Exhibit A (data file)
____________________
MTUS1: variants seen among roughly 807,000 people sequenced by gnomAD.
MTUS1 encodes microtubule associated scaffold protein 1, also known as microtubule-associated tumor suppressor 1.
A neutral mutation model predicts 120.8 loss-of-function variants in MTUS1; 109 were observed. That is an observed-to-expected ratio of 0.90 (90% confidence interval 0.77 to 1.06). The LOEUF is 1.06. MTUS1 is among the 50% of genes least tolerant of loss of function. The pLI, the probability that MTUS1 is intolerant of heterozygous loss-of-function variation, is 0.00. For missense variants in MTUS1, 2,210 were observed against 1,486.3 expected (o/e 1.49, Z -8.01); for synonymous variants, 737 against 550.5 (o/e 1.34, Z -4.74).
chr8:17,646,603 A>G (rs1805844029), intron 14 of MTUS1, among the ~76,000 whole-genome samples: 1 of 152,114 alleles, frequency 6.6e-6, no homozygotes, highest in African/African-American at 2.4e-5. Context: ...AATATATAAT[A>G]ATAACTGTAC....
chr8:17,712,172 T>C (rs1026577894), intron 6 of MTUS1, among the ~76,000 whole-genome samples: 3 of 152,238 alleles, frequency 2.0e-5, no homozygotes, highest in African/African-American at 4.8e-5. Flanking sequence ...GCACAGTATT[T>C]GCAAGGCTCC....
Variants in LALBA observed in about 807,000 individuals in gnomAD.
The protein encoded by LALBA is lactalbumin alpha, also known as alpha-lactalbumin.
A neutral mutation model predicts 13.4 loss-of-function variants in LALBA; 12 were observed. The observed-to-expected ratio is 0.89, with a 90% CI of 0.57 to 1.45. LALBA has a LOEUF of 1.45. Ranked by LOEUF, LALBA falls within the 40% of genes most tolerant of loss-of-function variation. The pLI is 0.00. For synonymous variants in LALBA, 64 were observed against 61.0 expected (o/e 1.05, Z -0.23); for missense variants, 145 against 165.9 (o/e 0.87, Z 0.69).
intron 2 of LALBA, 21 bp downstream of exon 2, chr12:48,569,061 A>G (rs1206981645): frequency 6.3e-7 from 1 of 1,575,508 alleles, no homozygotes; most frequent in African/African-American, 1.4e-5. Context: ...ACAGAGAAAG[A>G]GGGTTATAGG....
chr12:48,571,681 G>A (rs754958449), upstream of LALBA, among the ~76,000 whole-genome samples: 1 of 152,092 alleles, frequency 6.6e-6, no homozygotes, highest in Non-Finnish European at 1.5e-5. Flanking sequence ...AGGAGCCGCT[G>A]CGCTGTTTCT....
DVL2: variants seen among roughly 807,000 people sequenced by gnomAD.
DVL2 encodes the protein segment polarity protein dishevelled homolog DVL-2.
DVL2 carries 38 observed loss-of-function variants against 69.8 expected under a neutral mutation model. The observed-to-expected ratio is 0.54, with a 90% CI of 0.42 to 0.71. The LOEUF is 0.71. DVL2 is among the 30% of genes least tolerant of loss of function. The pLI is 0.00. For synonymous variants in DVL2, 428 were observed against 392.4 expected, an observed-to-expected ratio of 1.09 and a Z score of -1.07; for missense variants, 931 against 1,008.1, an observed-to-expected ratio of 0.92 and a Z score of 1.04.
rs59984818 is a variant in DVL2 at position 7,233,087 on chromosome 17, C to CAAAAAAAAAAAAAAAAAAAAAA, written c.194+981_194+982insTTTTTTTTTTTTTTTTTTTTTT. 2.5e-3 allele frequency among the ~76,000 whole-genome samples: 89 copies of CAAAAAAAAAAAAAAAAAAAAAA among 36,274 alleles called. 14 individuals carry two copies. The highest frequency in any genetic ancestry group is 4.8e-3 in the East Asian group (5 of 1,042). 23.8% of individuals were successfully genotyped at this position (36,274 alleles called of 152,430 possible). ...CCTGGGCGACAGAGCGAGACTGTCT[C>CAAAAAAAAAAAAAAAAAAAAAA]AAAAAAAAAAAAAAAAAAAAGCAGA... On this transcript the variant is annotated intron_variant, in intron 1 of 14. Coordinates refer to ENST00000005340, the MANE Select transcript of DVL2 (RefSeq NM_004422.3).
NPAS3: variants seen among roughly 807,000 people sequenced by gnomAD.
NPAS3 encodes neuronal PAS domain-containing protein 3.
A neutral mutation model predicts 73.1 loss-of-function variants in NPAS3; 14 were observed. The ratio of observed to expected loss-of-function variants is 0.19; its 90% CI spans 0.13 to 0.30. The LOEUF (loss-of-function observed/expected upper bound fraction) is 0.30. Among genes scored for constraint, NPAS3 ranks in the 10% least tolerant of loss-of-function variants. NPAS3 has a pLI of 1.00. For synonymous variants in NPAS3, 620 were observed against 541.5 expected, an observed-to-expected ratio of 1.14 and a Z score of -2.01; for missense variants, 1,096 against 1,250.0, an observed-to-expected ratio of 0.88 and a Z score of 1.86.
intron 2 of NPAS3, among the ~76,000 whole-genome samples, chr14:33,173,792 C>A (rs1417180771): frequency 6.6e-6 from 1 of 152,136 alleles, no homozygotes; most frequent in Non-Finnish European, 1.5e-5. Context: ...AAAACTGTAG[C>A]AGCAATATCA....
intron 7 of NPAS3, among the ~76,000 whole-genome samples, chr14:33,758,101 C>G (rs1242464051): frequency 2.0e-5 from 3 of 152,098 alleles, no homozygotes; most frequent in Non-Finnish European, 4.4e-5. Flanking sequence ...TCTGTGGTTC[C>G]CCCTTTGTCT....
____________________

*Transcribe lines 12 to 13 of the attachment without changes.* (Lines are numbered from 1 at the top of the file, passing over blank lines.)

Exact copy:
DVL2 encodes the protein segment polarity protein dishevelled homolog DVL-2.
DVL2 carries 38 observed loss-of-function variants against 69.8 expected under a neutral mutation model. The observed-to-expected ratio is 0.54, with a 90% CI of 0.42 to 0.71. The LOEUF is 0.71. DVL2 is among the 30% of genes least tolerant of loss of function. The pLI is 0.00. For synonymous variants in DVL2, 428 were observed against 392.4 expected, an observed-to-expected ratio of 1.09 and a Z score of -1.07; for missense variants, 931 against 1,008.1, an observed-to-expected ratio of 0.92 and a Z score of 1.04.